Minister Mark-Anthony Middleton and engineer John Rooks Jr. forged a commanding lead in the early-voting results in their opening battle for the Durham City Council’s Ward 2 seat.
Middleton led the way with 3,943 votes, 43.7 percent of the total cast in the race by people who took advantage of more than two weeks’ of one-stop voting.
Rooks followed with 3,126, some 34.7 percent of the total.
The next-highest total belonged to teacher LeVon Barnes, who scored 811 votes in early balloting.
Early voting is often a bellwether for how a local election will turn out once its final precinct-by-precint numbers are in. The city’s remaining voters went to the polls Tuesday to winnow the fields for the council’s three ward seats and the mayor’s race, and thus set up next month’s general election.
Ward 2 drew the largest field of the council races. Six people ran in hopes of replacing incumbent council member Eddie Davis, a retired teacher who decided to step down after a single four-year term.
Middleton rose to local prominence via his role in Durham CAN (Durham Congregations, Associations and Neighborhoods). He received endorsements from the Friends of Durham and the Durham Committee on the Affairs of Black People, two of the city’s big-three political group.
“It’s going to be a long night,” Middleton said after the first returns came in. “There are still a lot of votes to count … but we are feeling optimistic.”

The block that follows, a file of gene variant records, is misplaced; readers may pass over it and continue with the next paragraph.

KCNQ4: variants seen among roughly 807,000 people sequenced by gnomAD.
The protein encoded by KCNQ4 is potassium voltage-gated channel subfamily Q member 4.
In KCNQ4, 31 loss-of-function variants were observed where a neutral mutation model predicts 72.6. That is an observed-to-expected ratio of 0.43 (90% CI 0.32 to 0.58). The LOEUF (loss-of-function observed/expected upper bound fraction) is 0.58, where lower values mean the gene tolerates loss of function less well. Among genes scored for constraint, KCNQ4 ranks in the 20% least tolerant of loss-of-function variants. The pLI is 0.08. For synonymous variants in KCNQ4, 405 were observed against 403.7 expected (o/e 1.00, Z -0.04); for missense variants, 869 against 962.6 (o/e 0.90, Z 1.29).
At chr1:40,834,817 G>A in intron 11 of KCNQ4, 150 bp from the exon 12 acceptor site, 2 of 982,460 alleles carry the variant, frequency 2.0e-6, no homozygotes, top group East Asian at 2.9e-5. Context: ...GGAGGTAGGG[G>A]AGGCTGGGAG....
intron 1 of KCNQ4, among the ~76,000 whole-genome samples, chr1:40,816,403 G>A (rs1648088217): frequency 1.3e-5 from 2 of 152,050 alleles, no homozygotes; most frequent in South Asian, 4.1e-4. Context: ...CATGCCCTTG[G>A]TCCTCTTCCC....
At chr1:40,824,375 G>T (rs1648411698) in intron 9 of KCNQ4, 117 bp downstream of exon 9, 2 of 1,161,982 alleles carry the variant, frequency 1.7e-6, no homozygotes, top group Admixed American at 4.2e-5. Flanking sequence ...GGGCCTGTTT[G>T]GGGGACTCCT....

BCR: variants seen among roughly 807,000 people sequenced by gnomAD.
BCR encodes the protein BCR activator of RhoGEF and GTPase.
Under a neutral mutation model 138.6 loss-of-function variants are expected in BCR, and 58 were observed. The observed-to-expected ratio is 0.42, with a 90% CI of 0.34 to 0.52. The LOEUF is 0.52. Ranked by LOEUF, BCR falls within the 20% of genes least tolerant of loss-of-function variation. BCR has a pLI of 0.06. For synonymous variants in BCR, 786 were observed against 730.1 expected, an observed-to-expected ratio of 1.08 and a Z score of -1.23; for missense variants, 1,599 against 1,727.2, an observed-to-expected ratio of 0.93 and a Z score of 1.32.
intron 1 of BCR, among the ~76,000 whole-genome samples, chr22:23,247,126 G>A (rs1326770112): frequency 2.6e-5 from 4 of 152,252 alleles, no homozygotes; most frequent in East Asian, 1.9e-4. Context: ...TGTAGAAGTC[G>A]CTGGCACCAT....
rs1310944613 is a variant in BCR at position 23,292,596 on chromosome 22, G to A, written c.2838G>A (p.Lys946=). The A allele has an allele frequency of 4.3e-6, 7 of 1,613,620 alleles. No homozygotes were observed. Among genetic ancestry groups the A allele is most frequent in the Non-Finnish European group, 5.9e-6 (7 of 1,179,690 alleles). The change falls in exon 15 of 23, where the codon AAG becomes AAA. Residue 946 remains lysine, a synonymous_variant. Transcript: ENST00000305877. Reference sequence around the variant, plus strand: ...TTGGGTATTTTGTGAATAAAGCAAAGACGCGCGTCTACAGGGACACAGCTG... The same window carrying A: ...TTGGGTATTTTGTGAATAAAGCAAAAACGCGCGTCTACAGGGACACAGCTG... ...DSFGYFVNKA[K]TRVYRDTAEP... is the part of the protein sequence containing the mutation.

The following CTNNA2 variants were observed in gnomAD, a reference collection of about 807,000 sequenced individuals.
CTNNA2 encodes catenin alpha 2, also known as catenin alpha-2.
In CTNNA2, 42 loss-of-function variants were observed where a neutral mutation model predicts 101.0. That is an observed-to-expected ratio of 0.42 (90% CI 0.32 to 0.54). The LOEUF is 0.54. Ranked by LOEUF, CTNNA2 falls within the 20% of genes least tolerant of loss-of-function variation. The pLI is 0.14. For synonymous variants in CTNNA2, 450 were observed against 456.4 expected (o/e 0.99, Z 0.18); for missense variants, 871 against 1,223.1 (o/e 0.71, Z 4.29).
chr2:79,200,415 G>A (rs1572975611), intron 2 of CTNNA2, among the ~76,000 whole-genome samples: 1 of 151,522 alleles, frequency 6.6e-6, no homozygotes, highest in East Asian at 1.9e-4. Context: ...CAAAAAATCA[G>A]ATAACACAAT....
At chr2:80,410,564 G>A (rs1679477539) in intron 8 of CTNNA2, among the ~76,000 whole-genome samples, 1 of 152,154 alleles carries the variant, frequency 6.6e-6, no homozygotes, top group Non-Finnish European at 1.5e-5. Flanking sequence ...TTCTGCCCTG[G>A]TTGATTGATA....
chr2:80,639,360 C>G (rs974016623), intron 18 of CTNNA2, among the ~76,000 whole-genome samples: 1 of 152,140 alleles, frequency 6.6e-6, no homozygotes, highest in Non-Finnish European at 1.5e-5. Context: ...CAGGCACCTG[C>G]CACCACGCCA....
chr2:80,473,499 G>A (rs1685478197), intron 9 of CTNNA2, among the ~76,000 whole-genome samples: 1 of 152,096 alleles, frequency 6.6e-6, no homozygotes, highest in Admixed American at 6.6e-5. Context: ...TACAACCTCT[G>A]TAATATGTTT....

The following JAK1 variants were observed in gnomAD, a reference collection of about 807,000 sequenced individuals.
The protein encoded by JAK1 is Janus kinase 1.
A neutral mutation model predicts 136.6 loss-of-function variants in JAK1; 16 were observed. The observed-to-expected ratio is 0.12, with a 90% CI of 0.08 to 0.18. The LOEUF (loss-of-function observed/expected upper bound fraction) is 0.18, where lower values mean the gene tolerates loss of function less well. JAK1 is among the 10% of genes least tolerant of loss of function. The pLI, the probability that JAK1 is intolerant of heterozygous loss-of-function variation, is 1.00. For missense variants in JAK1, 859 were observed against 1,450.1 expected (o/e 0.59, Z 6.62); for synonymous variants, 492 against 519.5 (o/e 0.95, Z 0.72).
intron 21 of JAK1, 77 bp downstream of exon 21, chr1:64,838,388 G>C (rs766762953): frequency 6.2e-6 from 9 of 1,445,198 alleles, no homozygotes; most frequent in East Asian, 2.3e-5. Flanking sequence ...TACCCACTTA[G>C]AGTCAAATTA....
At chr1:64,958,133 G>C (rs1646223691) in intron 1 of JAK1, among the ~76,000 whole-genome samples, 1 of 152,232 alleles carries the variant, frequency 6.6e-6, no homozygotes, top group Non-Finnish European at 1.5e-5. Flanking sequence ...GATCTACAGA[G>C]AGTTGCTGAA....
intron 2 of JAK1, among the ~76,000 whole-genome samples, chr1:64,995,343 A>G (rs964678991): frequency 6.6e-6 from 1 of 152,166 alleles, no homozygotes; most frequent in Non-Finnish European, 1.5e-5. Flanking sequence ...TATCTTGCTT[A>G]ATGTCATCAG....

He added that the No. 1 topic on the campaign trail has been affordable housing. “Everyone knows Durham is on the rise, but the constant motif I heard is how can we get everyone involved.”
Rooks secured the backing of the city’s third major political group, the People’s Alliance, in what was a bit of an upset after supporters argued he’s been instrumental in helping residents of the McDougald Terrace public housing complex.
Barnes got an endorsement from Equality NC, an LBGTQ advocacy group. Rooks, who did not get the group’s nod, later acknowledged that a supporter of his had submitted a questionnaire for him that didn’t reflect his actual views on gay rights.
The remaining candidates in the race are DeAnna Hall, an IT business analyst; Robert Fluet, a client engagement director; and Dolly Reaves, a stay-at-home mom and graduate student. Hall received 793 ballots in early voting, or 8.8 percent. Fluet got 196 votes, about 2.2 percent, and Reaves got 143, or about 1.6 percent.
Precinct-level results are due to continue coming in throughout the evening. The top two vote-getters go on to the Nov. 7 general election.